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Ghana Card deal: I ACTED WITH UTMOST INTEGRITY - Ken Attafuah

Politics

The Acting Executive Secretary of the National Identification Authority, Kenneth Agyemang Attafuah, has denied allegations levelled against him by the Member of Parliament for Assin Central, Kennedy Agyapong, in relation a contract connected with the National Identification System project.

The Acting Executive Secretary of the National Identification Authority, Kenneth Agyemang Attafuah, has denied allegations levelled against him by the Member of Parliament for Assin Central, Kennedy Agyapong, in relation a contract connected with the National Identification System project.

 

Mr Agyapong alleged that Professor Attafuah’s supervision of the award of the project was corrupt.

The MP alleged that Prof Attafuah awarded the contract at a cost of $1.2 billion when he (Mr Agyapong) had proposed a contractor from India who would have cost $50 million.

Mr Agyapong further accused Prof Attafuah of accepting a gift of land from the chief executive of Margins Group ‒the parent company of Identity Management Systems, which won the contract ‒ before awarding him the job.

However, the NIA Acting Executive Secretary has strongly denied the accusations. In a statement issued by the Professor yesterday, he stressed that he had not taken a bribe from anyone, nor had he received a gift of land or cash, or any other object of valuable consideration, from anyone for any work he has done or will do in future.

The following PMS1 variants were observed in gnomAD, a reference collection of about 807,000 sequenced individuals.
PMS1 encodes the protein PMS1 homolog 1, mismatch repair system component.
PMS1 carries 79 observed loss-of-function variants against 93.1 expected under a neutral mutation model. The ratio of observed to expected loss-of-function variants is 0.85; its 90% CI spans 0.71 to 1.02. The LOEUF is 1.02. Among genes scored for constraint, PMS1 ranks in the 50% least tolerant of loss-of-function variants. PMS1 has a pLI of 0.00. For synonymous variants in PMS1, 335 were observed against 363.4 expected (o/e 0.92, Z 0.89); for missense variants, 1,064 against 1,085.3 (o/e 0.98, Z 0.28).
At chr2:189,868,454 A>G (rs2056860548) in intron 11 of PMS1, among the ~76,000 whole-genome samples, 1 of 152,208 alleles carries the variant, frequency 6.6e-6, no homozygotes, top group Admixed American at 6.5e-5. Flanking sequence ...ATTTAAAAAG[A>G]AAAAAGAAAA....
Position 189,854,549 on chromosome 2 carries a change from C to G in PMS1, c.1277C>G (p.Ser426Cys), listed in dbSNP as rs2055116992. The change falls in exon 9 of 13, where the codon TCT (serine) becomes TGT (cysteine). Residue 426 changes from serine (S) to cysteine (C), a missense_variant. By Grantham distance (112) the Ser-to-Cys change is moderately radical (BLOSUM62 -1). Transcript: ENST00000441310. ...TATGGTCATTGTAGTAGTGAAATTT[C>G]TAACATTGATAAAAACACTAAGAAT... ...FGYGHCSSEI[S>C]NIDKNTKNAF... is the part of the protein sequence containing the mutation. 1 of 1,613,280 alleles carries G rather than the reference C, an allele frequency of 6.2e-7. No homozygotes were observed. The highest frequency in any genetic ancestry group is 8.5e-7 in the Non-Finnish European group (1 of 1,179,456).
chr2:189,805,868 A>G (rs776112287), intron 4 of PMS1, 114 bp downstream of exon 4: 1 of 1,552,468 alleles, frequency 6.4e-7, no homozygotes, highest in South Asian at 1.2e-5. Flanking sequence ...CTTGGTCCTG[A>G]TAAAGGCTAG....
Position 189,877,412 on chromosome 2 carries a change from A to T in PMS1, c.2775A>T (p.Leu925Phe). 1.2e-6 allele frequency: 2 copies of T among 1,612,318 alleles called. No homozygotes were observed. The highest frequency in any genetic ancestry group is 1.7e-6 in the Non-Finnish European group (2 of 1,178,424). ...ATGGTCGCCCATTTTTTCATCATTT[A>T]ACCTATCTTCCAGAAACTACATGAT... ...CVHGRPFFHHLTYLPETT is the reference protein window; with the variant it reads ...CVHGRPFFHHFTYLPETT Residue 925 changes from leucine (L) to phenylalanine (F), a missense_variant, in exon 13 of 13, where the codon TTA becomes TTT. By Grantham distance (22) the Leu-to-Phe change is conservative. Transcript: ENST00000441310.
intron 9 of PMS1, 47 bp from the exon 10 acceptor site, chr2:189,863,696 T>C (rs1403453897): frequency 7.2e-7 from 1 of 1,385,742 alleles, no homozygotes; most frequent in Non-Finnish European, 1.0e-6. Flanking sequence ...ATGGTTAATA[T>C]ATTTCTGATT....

“I have not stolen any money from anyone. I have, on the contrary, acted with utmost integrity and professionalism and served the best interests of Ghana with my best intellect and best industry in my capacity as Acting Executive Secretary of the NIA,” Professor Attafuah said.

The Professor explained that the government had accepted the key recommendations of a technical committee, established by Vice-President Mahamudu Bawumia, which he chaired. The committee was tasked with developing a roadmap for implementing the National Identification System project. It granted audience to 15 prospective solutions providers and the World Bank Group (acting in an advisory capacity), which shared knowledge and experience of international best practices with the committee members.

“One such entity was India-based Madras Security Printing, which was presented by Hon. Kennedy Agyapong. As with all entities, the committee made it clear that it was neither receiving bids nor evaluating proposals or awarding contracts; it was merely an advisory body trying to understand what options for solution might be available to the government for reviving Ghana’s NIS,” Professor Attafuah said.

In reaching a collective decision, each member openly pronounced on which of the three possible options for solution he or she favoured.

“All but two members selected the NIA-IMS solution. One of the two wrote a dissenting opinion to the Presidency, and the same was thoroughly examined by the Presidency but rejected. Government approved of the majority. I had no capacity to, and did not, influence the decisions of either the committee or Government on this highly technical matter,” he said.